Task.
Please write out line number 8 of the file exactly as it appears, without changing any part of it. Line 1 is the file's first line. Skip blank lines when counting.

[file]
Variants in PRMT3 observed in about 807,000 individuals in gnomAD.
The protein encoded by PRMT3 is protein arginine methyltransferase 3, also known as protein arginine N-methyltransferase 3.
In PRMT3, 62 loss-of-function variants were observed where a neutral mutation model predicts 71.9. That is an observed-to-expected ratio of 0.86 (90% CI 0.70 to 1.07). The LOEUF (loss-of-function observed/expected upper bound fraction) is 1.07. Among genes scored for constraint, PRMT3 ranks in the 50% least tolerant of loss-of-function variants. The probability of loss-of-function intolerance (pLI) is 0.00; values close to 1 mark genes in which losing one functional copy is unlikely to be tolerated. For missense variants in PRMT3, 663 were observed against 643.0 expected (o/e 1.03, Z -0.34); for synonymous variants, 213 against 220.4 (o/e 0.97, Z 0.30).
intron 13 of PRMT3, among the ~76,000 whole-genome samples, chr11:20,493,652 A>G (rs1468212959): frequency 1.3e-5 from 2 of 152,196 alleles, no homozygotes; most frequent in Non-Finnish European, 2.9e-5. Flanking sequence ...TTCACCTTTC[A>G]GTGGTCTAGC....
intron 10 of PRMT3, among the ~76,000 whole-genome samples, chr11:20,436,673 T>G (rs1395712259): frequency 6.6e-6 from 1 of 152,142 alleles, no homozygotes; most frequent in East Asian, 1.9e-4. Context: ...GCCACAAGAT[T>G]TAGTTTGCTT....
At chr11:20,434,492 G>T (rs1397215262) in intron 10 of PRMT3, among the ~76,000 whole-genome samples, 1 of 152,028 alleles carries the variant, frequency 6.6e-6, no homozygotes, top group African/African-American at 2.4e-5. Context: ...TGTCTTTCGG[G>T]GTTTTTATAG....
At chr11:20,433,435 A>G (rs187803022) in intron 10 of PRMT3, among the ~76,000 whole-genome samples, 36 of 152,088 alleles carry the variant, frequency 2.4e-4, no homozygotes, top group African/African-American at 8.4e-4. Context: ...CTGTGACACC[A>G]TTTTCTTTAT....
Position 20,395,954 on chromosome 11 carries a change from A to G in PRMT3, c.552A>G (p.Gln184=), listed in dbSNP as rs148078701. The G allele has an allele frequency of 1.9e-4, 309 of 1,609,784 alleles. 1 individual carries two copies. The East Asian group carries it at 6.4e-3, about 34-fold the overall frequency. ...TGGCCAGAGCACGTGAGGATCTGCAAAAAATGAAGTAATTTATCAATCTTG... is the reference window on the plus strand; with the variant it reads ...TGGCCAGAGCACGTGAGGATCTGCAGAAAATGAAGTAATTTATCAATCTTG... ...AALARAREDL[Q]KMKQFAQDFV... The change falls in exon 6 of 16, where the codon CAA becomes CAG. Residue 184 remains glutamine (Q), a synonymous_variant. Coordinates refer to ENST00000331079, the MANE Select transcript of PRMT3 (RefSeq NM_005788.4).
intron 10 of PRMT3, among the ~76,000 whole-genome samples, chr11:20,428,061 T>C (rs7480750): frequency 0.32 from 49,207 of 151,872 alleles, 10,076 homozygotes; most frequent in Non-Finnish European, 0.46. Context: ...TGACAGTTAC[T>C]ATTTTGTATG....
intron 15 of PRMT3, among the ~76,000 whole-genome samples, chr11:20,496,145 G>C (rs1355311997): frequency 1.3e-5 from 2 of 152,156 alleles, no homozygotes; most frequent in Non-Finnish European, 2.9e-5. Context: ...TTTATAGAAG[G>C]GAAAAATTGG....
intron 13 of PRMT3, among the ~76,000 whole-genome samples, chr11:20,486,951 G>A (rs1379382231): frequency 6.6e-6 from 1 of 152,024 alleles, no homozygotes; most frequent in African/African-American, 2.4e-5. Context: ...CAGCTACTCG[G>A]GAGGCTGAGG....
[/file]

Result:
Position 20,395,954 on chromosome 11 carries a change from A to G in PRMT3, c.552A>G (p.Gln184=), listed in dbSNP as rs148078701. The G allele has an allele frequency of 1.9e-4, 309 of 1,609,784 alleles. 1 individual carries two copies. The East Asian group carries it at 6.4e-3, about 34-fold the overall frequency. ...TGGCCAGAGCACGTGAGGATCTGCAAAAAATGAAGTAATTTATCAATCTTG... is the reference window on the plus strand; with the variant it reads ...TGGCCAGAGCACGTGAGGATCTGCAGAAAATGAAGTAATTTATCAATCTTG... ...AALARAREDL[Q]KMKQFAQDFV... The change falls in exon 6 of 16, where the codon CAA becomes CAG. Residue 184 remains glutamine (Q), a synonymous_variant. Coordinates refer to ENST00000331079, the MANE Select transcript of PRMT3 (RefSeq NM_005788.4).